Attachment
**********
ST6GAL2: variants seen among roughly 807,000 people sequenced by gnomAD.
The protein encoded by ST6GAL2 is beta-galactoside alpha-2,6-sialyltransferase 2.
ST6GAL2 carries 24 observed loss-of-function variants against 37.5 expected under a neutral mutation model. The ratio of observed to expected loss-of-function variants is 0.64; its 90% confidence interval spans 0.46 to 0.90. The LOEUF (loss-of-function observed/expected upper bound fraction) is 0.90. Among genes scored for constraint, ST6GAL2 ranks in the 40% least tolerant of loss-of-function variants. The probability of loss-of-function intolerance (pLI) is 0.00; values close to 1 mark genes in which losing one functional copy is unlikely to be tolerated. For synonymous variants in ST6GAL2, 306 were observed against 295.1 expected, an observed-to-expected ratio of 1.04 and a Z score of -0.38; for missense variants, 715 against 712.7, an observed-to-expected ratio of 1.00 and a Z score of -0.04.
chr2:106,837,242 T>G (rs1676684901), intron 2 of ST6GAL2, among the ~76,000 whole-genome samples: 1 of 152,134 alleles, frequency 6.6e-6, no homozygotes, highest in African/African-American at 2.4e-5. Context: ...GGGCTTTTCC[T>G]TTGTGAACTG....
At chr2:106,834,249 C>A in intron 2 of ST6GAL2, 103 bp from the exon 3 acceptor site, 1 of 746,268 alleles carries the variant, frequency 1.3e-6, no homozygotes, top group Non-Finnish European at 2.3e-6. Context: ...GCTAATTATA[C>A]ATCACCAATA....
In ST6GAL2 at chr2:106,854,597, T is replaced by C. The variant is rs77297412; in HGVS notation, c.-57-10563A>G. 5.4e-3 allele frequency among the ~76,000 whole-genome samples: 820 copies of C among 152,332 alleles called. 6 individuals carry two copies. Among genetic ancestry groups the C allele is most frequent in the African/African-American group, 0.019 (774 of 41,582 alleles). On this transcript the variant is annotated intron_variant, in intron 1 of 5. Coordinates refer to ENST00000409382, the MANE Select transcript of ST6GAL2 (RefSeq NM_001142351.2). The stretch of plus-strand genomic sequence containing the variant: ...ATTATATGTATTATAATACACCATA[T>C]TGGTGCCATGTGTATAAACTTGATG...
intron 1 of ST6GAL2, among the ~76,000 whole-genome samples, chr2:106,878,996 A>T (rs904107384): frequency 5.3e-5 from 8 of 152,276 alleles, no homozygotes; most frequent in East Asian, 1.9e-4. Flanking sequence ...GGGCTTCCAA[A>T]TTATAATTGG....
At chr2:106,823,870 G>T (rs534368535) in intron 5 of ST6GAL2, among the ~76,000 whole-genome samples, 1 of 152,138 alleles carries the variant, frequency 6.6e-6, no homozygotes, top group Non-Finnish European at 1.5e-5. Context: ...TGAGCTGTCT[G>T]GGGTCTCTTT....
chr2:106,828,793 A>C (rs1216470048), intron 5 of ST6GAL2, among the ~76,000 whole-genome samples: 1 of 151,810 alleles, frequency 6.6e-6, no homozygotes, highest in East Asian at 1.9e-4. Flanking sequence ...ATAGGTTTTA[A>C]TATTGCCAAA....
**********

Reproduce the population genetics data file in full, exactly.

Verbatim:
ST6GAL2: variants seen among roughly 807,000 people sequenced by gnomAD.
The protein encoded by ST6GAL2 is beta-galactoside alpha-2,6-sialyltransferase 2.
ST6GAL2 carries 24 observed loss-of-function variants against 37.5 expected under a neutral mutation model. The ratio of observed to expected loss-of-function variants is 0.64; its 90% confidence interval spans 0.46 to 0.90. The LOEUF (loss-of-function observed/expected upper bound fraction) is 0.90. Among genes scored for constraint, ST6GAL2 ranks in the 40% least tolerant of loss-of-function variants. The probability of loss-of-function intolerance (pLI) is 0.00; values close to 1 mark genes in which losing one functional copy is unlikely to be tolerated. For synonymous variants in ST6GAL2, 306 were observed against 295.1 expected, an observed-to-expected ratio of 1.04 and a Z score of -0.38; for missense variants, 715 against 712.7, an observed-to-expected ratio of 1.00 and a Z score of -0.04.
chr2:106,837,242 T>G (rs1676684901), intron 2 of ST6GAL2, among the ~76,000 whole-genome samples: 1 of 152,134 alleles, frequency 6.6e-6, no homozygotes, highest in African/African-American at 2.4e-5. Context: ...GGGCTTTTCC[T>G]TTGTGAACTG....
At chr2:106,834,249 C>A in intron 2 of ST6GAL2, 103 bp from the exon 3 acceptor site, 1 of 746,268 alleles carries the variant, frequency 1.3e-6, no homozygotes, top group Non-Finnish European at 2.3e-6. Context: ...GCTAATTATA[C>A]ATCACCAATA....
In ST6GAL2 at chr2:106,854,597, T is replaced by C. The variant is rs77297412; in HGVS notation, c.-57-10563A>G. 5.4e-3 allele frequency among the ~76,000 whole-genome samples: 820 copies of C among 152,332 alleles called. 6 individuals carry two copies. Among genetic ancestry groups the C allele is most frequent in the African/African-American group, 0.019 (774 of 41,582 alleles). On this transcript the variant is annotated intron_variant, in intron 1 of 5. Coordinates refer to ENST00000409382, the MANE Select transcript of ST6GAL2 (RefSeq NM_001142351.2). The stretch of plus-strand genomic sequence containing the variant: ...ATTATATGTATTATAATACACCATA[T>C]TGGTGCCATGTGTATAAACTTGATG...
intron 1 of ST6GAL2, among the ~76,000 whole-genome samples, chr2:106,878,996 A>T (rs904107384): frequency 5.3e-5 from 8 of 152,276 alleles, no homozygotes; most frequent in East Asian, 1.9e-4. Flanking sequence ...GGGCTTCCAA[A>T]TTATAATTGG....
At chr2:106,823,870 G>T (rs534368535) in intron 5 of ST6GAL2, among the ~76,000 whole-genome samples, 1 of 152,138 alleles carries the variant, frequency 6.6e-6, no homozygotes, top group Non-Finnish European at 1.5e-5. Context: ...TGAGCTGTCT[G>T]GGGTCTCTTT....
chr2:106,828,793 A>C (rs1216470048), intron 5 of ST6GAL2, among the ~76,000 whole-genome samples: 1 of 151,810 alleles, frequency 6.6e-6, no homozygotes, highest in East Asian at 1.9e-4. Flanking sequence ...ATAGGTTTTA[A>C]TATTGCCAAA....